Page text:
6. Teach them how to set goals and budget
Goal setting is a critical life skill that most people seem to fail dismally at. Set your child on the best possible path by showing them how to establish clearly defined objectives and then work towards achieving them, measuring success along the way.
Demonstrate how to apportion money they earn toward relevant, pre-determined purchases.
For instance, they might choose to give 10 per cent to charity, invest 20 per cent in a savings account, put 30 per cent aside for that ‘dream toy’ they desperately want and spend the other 40 per cent on clothes.
7. Don’t be tempted to come to the rescue
We’ve all been there. You’re standing at the checkout and your child spies those tempting treats and starts begging, ‘Can I have one? Pleeeeaaasssse!’
Sometimes we feel it’s easier to give in to their demands just to keep the peace. But you’re actually creating a rod for your own back and lots of entitlement issues in the long run.
Would your boss give you a pay rise if you whined a lot?
Successful money management is about making choices and learning the consequences of those choices, so you make more good ones, more frequently.
8. Help them keep a financial journal.
Make it a habit to write down the details of how much they earn, how much they save and how much they spend in a financial journal of their own.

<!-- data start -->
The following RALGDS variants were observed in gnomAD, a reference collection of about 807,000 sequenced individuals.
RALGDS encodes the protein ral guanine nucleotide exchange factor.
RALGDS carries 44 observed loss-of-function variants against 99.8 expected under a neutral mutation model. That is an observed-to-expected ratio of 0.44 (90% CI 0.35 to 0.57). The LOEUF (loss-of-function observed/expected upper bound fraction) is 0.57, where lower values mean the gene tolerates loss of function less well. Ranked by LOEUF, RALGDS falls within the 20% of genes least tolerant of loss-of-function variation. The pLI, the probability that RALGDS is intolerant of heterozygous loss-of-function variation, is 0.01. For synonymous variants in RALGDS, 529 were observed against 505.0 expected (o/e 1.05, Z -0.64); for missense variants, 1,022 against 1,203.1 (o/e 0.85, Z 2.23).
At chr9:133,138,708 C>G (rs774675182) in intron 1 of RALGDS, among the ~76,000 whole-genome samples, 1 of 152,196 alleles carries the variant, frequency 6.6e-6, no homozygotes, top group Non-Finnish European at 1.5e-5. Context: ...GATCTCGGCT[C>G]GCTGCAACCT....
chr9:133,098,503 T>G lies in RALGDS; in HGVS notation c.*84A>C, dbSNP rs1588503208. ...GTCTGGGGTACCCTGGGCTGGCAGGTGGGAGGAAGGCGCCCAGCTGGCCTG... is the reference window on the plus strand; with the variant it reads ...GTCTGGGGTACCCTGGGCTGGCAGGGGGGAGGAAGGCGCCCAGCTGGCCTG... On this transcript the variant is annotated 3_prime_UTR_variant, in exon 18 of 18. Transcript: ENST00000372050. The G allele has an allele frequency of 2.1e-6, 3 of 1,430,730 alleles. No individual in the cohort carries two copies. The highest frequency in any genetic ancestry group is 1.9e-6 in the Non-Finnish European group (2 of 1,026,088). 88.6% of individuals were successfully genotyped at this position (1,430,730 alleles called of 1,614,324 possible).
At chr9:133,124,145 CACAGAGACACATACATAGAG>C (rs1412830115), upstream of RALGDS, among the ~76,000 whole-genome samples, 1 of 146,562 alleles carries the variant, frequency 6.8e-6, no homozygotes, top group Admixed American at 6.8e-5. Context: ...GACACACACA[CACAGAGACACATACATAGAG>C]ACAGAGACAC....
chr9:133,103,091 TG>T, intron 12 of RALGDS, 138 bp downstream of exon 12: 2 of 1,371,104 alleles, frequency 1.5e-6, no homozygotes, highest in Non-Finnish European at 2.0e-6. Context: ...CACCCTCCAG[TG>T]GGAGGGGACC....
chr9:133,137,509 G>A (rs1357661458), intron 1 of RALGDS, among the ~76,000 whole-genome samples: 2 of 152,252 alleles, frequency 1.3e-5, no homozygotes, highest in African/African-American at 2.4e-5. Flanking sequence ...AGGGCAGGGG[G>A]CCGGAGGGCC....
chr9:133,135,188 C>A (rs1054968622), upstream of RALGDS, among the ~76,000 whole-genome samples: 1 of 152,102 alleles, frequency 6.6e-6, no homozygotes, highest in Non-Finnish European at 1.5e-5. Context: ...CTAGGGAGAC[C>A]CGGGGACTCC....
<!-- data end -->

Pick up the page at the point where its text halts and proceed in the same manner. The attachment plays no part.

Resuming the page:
Too many people fall into bad spending habits by completely losing track of where their money goes on a daily basis. This spells disaster and encourages frivolous purchases.
9. Enforce consistent savings habits.
I cannot stress this enough – open a bank account in your child’s name and take them into the branch every time they earn money, apportioning some to their savings account!
10. Give them more responsibility.
Obviously this one applies more to older children. But it’s important for them to realise at a certain stage that life’s practicalities – like food, shelter and clothing, won’t always be paid for by mum and dad.
Allowing them to make some of these decisions for themselves will give them the opportunity to work out what they value too. With clothes for example, they’ll soon learn that designer brands can be a costly fad to buy into (literally).
11. Promote good financial decisions.
Encourage them to have the drive and ambition to earn money and take responsibility for their income. Rather than having to drag them to the bank each week, you want them to feel compelled to save before spending, not the other way around.
12. Help them review and adjust their budget.
As your child gets older, make them a lot more accountable for their own personal budget and be there to help them review their money management every few months. This will demonstrate how to remain on a financially stable path through life, by staying on top of their finances at all times.
13. Wean them off the bank of mum and dad!
Let’s face it; we all worry constantly about whether our child’s needs are being adequately met. As such, we tend to over indulge when it comes to the stuff they want (because clever marketing campaigns convince them they must have it!).
Too many people place too much emphasis on material things, when what we could probably all do with more of is a big bear hug from the ones we love! Wean your child off your wallet and shower them with affection rather than stuff. I’m pretty sure they won’t begrudge you for it!